Wednesday, August 6, 2008

Social Landing Pages?

I noticed this term a few days ago in Ion Interactive’s newsletter and thought it was interesting. Landing pages are an important—and too often ignored—part of the conversion process. Improving them is a subject that should always be of interest. So, as usual, I set out to explore.

The first thing I found out is that the term doesn’t seem to be in use on sites like, which specializes in conversion issues, or Omniture, which touts optimization of various aspects of emarketing. What I did find was a number of services that help marketers test their landing pages. Testing is always good, whether the pages are social or not.

So I went back to Ion to find their definition. Content from their newsletter (July 08) answered that:

Subscriber question: What is a social landing page?
Answer: Social landing pages are landing pages that include social networking features. They bring together marketer-managed marketing and social interactivity.

In the news release for their LiveBall product, Ion’s president Scott Brinker adds, “A landing page can serve as a ‘connector’, bringing together people with a specialized, shared interest.” The press release goes on to describe 7 benefits of adding social features to a landing page that include recipient interaction, brand development and lower bounce rate.

These are interesting, but I wanted some examples. Their LiveBall product demo is interesting, although it stopped working about half way through the second step. It makes it clear, though, that the Ion product is marketer-controlled, and I’m always a fan of DYI.

But I’m still looking for examples, so I did something I don’t usually do. I clicked on some PPC ads. (I’m such a considerate customer that I always use the free search listing link if it’s available.) I’ve used the Vertical Response product and like the company, so I looked to see what they had and found a good landing page. After clicking on several banners on several portal sites I found an HSBC ad on the NYT site that had a good landing page.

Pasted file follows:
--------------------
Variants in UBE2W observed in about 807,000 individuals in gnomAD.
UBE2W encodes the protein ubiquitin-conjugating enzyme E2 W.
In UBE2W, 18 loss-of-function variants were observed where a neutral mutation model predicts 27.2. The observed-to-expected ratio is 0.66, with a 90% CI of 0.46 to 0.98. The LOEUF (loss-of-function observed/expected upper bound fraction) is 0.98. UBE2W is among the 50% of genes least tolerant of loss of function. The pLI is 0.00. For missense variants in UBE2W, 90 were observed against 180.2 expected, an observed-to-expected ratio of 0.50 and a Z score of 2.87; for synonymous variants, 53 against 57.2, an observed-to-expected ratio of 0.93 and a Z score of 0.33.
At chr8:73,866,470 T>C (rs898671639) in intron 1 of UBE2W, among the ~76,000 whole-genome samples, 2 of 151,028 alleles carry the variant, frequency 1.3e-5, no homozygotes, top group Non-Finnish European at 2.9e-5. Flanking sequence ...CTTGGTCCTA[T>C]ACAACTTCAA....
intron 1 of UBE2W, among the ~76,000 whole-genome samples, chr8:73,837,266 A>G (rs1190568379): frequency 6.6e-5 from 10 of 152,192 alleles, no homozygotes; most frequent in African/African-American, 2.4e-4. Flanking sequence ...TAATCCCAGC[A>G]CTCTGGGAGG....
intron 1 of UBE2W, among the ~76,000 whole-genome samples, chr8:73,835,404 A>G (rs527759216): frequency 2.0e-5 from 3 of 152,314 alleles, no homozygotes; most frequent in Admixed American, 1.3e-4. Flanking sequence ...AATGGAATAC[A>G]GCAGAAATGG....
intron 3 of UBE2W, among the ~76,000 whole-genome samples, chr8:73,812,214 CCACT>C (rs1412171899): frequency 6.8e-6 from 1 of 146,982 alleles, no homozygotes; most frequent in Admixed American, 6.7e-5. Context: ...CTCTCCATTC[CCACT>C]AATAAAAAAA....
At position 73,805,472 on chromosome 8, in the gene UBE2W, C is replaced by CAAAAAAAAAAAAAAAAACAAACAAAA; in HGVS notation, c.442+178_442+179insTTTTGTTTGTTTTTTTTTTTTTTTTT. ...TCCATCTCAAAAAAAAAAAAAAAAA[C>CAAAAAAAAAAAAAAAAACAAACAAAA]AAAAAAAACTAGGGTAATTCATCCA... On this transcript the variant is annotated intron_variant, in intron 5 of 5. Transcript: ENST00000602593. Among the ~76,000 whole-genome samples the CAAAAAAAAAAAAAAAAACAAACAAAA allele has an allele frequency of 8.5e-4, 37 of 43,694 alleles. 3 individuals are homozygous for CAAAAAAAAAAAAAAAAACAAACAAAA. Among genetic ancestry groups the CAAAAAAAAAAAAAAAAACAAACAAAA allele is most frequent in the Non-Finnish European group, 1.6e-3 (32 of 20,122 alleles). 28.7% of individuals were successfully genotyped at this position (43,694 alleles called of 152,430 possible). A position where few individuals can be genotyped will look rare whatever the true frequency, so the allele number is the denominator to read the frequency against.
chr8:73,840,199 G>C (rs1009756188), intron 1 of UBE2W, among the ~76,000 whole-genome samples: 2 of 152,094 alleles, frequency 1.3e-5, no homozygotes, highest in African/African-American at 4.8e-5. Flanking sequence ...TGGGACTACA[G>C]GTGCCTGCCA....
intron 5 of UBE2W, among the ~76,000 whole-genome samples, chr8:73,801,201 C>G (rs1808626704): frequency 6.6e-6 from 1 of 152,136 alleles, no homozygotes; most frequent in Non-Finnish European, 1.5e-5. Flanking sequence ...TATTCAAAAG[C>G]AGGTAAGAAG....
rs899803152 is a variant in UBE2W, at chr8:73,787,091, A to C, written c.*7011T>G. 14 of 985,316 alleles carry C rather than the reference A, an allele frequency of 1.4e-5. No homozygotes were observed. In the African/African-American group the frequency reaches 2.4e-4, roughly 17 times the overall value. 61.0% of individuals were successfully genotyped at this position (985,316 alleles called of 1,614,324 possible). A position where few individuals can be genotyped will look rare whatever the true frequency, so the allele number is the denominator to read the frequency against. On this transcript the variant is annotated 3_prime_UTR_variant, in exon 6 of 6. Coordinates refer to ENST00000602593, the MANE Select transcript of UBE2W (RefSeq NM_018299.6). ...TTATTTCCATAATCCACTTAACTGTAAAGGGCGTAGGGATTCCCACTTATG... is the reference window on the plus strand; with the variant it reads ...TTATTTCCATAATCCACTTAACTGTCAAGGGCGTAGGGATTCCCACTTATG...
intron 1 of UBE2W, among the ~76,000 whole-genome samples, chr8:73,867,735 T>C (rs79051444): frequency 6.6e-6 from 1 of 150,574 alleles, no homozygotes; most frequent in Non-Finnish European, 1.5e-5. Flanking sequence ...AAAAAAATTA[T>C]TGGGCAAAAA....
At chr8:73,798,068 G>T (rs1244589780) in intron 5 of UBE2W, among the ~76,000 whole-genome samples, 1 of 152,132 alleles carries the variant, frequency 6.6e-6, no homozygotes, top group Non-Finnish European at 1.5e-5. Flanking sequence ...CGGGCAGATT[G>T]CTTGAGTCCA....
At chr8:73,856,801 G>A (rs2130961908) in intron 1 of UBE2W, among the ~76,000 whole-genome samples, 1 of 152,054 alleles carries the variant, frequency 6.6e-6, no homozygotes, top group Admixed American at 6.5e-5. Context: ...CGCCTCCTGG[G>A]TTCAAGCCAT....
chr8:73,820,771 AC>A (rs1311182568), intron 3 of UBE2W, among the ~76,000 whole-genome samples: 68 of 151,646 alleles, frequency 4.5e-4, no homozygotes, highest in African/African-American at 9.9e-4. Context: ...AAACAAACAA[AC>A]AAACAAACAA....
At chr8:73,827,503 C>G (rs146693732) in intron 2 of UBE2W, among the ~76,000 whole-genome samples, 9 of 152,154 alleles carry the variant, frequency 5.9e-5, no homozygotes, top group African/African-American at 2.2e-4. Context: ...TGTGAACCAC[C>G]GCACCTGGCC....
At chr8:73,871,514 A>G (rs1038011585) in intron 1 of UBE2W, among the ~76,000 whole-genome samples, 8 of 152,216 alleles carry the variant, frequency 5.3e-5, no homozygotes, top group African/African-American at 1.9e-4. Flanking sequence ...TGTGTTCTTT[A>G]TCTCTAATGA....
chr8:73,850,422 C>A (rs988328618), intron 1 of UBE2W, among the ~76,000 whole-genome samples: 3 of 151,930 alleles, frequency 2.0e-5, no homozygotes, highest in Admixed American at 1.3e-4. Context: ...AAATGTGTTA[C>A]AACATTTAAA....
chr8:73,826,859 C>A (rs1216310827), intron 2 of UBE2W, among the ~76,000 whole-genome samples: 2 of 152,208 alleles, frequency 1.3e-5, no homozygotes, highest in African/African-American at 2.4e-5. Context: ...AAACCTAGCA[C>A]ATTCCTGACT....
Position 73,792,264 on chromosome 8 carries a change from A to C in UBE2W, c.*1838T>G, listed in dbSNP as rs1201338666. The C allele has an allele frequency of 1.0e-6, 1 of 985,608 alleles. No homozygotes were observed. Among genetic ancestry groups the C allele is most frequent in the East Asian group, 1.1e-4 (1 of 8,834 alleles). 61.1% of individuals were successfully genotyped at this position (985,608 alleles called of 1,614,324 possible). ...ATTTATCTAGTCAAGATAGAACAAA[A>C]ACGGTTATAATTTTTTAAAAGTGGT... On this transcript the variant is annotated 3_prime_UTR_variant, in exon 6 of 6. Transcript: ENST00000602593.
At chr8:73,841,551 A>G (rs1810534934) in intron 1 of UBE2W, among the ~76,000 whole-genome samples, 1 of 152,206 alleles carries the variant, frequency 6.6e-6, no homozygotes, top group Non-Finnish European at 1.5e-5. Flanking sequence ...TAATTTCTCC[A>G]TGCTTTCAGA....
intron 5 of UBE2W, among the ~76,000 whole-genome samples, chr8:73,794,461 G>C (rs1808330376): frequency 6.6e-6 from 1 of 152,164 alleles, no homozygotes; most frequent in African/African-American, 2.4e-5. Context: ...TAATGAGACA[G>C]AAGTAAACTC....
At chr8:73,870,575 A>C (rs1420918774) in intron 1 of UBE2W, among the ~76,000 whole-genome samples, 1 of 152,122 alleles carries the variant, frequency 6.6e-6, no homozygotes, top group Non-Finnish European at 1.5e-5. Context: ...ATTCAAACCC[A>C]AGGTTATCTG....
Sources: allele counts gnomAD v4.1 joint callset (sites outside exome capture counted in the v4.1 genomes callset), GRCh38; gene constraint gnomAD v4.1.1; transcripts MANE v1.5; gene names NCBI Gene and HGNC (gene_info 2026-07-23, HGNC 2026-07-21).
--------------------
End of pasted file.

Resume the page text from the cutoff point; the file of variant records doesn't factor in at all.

The search alone is instructive. A lot of companies are paying for advertising and not using landing pages associated with their ads. Some of the ads took me to product pages, which were at least relevant. Others just took me to a home page. Shameful!

Take a look at what I did find. I’m showing the landing page and the home page. Both landing pages have URLs that prove my point, but I’m showing the home page anyway to make the point that the landing pages take visitors more directly into relevant product information than do home pages.

The Vertical Response page is long, so I cut in in half and put it back together so you could see it all. It’s not particularly creative, but it gets their Create > Send > Track message across, has some promotional content, presents a compelling offer (500 free emails), and lets the viewer sign up directly on the landing page. Maybe not “creative,” but it really does the job. You could get to sign up from the home page, but you’d have to click through to the email page, where you’d find much of the same information, but an offer for only your first 25 emails (small list!). Vertical Response clearly has a landing page that’s meant to maximize the conversions from its PPC advertising.

HSBC’s term life insurance landing page (if you could see the URL, you’d see they call it the “simplestart” page) is even more interactive. It allows you to select profile characteristics and request a quote, again, right from the landing page. HSBC is a more complex enterprise and it’s home page represents that. It’s insurance main page is remarkably unattractive, but it allows you to get quotes for a variety of insurance, including term, which was featured when I wrote this post, presumably to integrate with the current banner advertising campaign.

Neither of these had “social” components in the social networking sense, although other components are possible. Ion’s blogs, for example, cover issues like use of widgets in online advertising and news feeds on landing pages.

So, while I’d call these landing pages “interactive,” instead of “social,” and there’s a large frontier to be explored either way. As you explore, don’t forget to test every step of the way. There’s so much a marketer can do; the question should always be what should I do in order to be successful?” Test and find out!

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